# Number::Fraction

Dave Cross dave at dave.org.uk
Fri May 3 11:34:49 BST 2013

```Quoting "Th. J. van Hoesel" <th.j.v.hoesel at gmail.com>:

>
> Op 3 mei 2013, om 10:21 heeft Dave Cross het volgende geschreven:
>
>> Quoting "Th. J. van Hoesel" <th.j.v.hoesel at gmail.com>:
>>
>>> to me, it would make sense for 3 parameters:
>>>
>>> Number::Fraction->(int, num, den);
>>>
>>> but that would be helpful to work with the so called vulgar
>>> fractions and cold write things like:
>>> my \$twothreefourth = Number::Fraction->new( 2, 3, 4);
>>
>> I think we're starting to get quite close to an area where
>> positional parameters are potentially confusing.
>>
>>  Number::Fraction->new(1, 2); # num = 1, den = 2
>>  Number::Fraction->new(1, 2, 3) # int = 1, num = 2, den = 3
>
> Positional Parameters can be  a disaster, I know. But sticking to
> these THREE positional parameters max looks to me not impossible for
> the user. Also, Math::Fraction utilizes the same schema.
>
> Basically it would do the things below
>
> 1 parameter ----> integer
> and will be handled as @_[0] ÷ 1
> 2 parameter ----> fraction
> will be handled as @_[0] ÷ @_[1]
> 3 parameter ----> mixed
> will become { @_[0] × @_[2]   +  @_[1]  } ÷ @_[2]
>
> and yes, that above is a bit nasty written, for there are quite a
> bit of 'exceptions' to handle --- and especially the 1-parameter
> version will have to deal with strings or references

Yes. But positional parameters that change their meaning as you add
another parameter to the *front* of the list. That sounds a little
scary to me. Or am I being paranoid?

>> I would probably think seriously about using named parameters here
>>
>>  Number::Fraction->new(numerator => 1, denominator => 2);
>>  Number::Fraction->new(integer => 1, numerator => 2, denominator => 3);
>
> Bu t you will then have to invent a way to remain backward
> compatible an maintain both ways

Moose makes that easy.

>> Of course, the fact that the names of the parameters are so long
>> really counts against you here, so you'd want to allow aliases -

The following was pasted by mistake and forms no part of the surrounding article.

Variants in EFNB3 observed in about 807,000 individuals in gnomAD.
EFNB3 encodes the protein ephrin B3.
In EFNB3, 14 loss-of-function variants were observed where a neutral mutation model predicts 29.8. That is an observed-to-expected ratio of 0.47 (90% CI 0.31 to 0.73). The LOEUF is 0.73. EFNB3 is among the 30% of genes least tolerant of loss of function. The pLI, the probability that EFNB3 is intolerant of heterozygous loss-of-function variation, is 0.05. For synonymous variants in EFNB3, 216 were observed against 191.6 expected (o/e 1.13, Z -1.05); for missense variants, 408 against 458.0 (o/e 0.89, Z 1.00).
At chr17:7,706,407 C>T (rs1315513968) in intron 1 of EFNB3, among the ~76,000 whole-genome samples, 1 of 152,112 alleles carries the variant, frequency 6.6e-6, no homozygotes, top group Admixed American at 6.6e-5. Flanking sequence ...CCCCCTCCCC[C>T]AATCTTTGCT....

>> int, den & num.
>>
>> In fact, it probably makes sense to move it all to Moose (or Moo, at least).
>
> Noooooooo! it was so simple to use

I'm not sure why you think that adding Moose will make it harder to use.

There's a branch on github which uses Moose.

https://github.com/davorg/number-fraction/tree/moose

Everything works pretty much the same way that it did before. All the
existing tests still pass.

>>> can I drop other cases or do you prefer to allow method calls with
>>> unlimited number of parameters ???
>>
>> You need to deal with idiots who ignore the documentation and call
>> the methods with the incorrect parameters. Currently, if you call
>> new() with more than two parameters, the extra ones are just
>> silently ignored. I think I like that option best, but I wouldn't
>> object if the constructor just died instead.
>
> I'd prefer to let anything die that does not comply with the
> supplied interface or API.

Like I said. I really wouldn't object to that. But you still need to
check for it. In the Moose branch, many invalid parameter combinations
now die (not all of them yet).

> One thing I was a bit worried about is the fact you accept
> denominators equal to ZERO ---- Arghhh!. Although totally insane,
> it's not 'your' fault that division by zero is illegal. Let perl die
> because of that fact, not the Fraction Module.

Relying on Perl's built-in error checking whenever possible sounds
sensible to me.

>> p.s. This conversation would be much easier to follow if we all
>> used the same quoting style :-/
>
> better ? :-)

Much better. Thanks :)

Dave...

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